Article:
'He was pinned between a wall I had built myself the day before and a fallen crane that we had previously warned the foreman about,' Watsy said. 'We dug him out by hand but he was dead. When we got the bricks off his face, the boss saw who it was and heaved a sigh of relief. 'It's all right,' he said. 'He was only a self-employed worker'.'
Watsy is one of tens of thousands of British construction workers who have sought refuge from the British building recession by looking for 'self-employed' work in Germany, where reconstruction of the old East has brought a jobs boom.
The Department of Employment in London says as many as 6,000 British builders are working in Germany. That is based on the number of E101 forms - National Insurance exemption certificates - filled in by migrant workers to avoid paying insurance in Germany. But craftsmen in Berlin say such estimates are derisory. One sub-contractor said the figure was nearer 100,000; British Embassy officials in Berlin put it at about 40,000.
Watsy's story is impossible to verify; he didn't know the man's name and won't give his own for fear of being blacklisted by other construction sites. But his account came as no surprise to other builders at the Irish Folk Bar in Wedding, north west Berlin.
There was Spud, a 29-year-old bricklayer idolised by his workmates for managing to 'bed' a German television celebrity from an apartment overlooking his building site. There was Geordie Alan, 42, and his son Lynny, 20, who drove from Newcastle and slept in their car for five nights before finding poorly paid work as steelfitters. And there was Danny, a bricklayer, who, at 23, was experiencing the problems of many older workers. He had taken on an expensive mortgage several years ago before losing his job. He received no unemployment benefit because his lodger's rent counted as income; he had to take another lodger and move in with his parents before looking for work in Germany.
There were others, too, each with a tale of misery. And there were a few who would tell you clandestinely that they were making a lot of money.
Comparisons with the television programme Auf Wiedersehen Pet are inevitable - but the joke has gone sour.
'I was here back then and it was well paid. There were good working conditions, good accommodation and it really was a laugh,' said Geordie Alan. 'But it's not like that now. They pay as little as they can get away with. You have no rights and your accommodation is disgusting.'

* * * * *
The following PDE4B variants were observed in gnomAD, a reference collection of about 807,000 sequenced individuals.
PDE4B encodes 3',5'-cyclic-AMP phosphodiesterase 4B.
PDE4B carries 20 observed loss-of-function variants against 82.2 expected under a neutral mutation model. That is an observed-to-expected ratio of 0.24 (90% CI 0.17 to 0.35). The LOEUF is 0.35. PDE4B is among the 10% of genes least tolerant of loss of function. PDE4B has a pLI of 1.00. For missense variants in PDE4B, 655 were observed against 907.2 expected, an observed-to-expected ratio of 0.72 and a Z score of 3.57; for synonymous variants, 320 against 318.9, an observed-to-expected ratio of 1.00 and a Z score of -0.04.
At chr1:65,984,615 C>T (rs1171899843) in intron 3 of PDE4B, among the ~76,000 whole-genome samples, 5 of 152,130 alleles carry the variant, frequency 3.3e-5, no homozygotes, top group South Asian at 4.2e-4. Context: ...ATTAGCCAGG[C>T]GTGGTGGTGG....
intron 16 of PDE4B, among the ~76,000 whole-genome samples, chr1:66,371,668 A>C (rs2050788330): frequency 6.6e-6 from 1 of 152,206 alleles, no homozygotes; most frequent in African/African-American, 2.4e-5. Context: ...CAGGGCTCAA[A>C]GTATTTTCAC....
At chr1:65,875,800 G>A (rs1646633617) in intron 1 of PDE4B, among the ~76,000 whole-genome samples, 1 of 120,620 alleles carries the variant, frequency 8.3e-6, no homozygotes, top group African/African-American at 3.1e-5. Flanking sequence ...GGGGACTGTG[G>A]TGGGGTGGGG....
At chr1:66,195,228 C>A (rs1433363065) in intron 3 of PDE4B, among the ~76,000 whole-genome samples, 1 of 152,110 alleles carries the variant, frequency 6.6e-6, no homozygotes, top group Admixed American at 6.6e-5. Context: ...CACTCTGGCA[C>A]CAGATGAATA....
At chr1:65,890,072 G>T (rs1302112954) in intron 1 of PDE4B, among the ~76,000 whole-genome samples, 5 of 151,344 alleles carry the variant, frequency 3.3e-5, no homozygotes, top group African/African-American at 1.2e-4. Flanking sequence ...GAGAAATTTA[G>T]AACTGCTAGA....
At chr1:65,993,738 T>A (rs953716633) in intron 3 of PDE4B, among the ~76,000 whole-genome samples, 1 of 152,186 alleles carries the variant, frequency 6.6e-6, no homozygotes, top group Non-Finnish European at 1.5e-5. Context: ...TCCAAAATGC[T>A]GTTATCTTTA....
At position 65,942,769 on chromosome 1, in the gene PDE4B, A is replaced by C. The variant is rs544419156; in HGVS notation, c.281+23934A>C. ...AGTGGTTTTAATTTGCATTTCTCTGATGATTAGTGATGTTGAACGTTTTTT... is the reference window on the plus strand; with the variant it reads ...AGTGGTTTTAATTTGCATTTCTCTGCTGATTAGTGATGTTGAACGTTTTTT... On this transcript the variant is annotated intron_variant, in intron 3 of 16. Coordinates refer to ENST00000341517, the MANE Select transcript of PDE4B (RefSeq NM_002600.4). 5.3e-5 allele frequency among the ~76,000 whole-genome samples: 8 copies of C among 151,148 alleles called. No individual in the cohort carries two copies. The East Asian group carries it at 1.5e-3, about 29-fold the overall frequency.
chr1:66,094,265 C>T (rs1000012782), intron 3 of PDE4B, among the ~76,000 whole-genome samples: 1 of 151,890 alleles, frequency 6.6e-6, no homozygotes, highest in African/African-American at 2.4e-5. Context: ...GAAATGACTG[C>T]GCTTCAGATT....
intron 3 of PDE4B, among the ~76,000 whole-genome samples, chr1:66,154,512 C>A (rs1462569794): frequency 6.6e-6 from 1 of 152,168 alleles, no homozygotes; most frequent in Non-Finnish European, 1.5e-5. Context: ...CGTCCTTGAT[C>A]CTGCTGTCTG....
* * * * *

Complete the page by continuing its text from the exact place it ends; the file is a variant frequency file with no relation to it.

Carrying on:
Watsy, from Swindon, was lured with the promise of a job in Nuremburg. Shift payments in Britain - if he could find work - had fallen from pounds 120 to pounds 50.
'We travelled 14 hours and found that the job didn't exist,' he said. He finally found work in Berlin earning 18 German marks ( pounds 7.20) per hour and was forced to live in a room with five other people.
'When I got work on my latest site, they said they would provide accommodation,' he said. 'It arrived on the back of a lorry. It was a sea container. They shoved four of us in there with a bed each, a locker each and a two-ring stove. It's a cesspit.'
Peter Rack, who directs attempts to combat illegal employment at the German Department of Employment in Dusseldorf, said casual British workers were breaching a 1972 law aimed at banning 'labour leasing'.
Under this law, contractors who win a job tender must include their own labour as part of the cost. Those employees are then covered by employment and safety law and can earn the going rate for the job.
But then came migrant workers from Poland, Romania, Turkey, Portugal, the old East Germany and Britain, many supplied by employment agencies operating from Holland. Their subsequent 'leasing' as cheap labour is illegal.
Mr Rack estimated a sliding pay scale depending on nationality: 'Germans can get up to DM65 an hour; the British can expect DM30 to DM38 and, at the bottom, Poles get between DM7 and DM10,' he said.
The German authorities fear reputable companies will be forced to resort to cheap immigrant labour to compete. Socially, they fear unrest if foreigners are given work before Germans.
Back at the Irish Bar, speaking in hushed tones, Steven (not his real name), a Scottish sub-contractor, was having a go at the DM18 an hour 'moaners'.
'There is plenty of money to be made here - they probably spend theirs on beer,' he said. 'I supply labour and I get DM45 per man per hour. I have eight men working for me and they get paid well. I am making a fortune.'
British Embassy officials agreed with Mr Rack that the problem was steadily worsening. They deal with desperate and disillusioned workers almost every day. 'The usual complaints are that they were promised jobs that didn't exist or that they haven't been paid for work they have done, so we help them to get home,' said Stewart Attwood, head of the British consular section in Berlin.
His advice to potential economic migrants is to think twice before travelling to jobs in Germany and to accept only guaranteed work covered by health and safety insurance.
Arriving 'on spec' is not recommended. But for people such as Geordie Alan and his son and their friends at the Irish Bar, such advice may go unheeded from simple, barren necessity.
'What do you do when there is no work at home and you have a mortgage to pay?' said Geordie. 'You have to do something to earn some money. This isn't great, but it's better than anything you can get in Britain.'
(Photograph omitted)Reuse content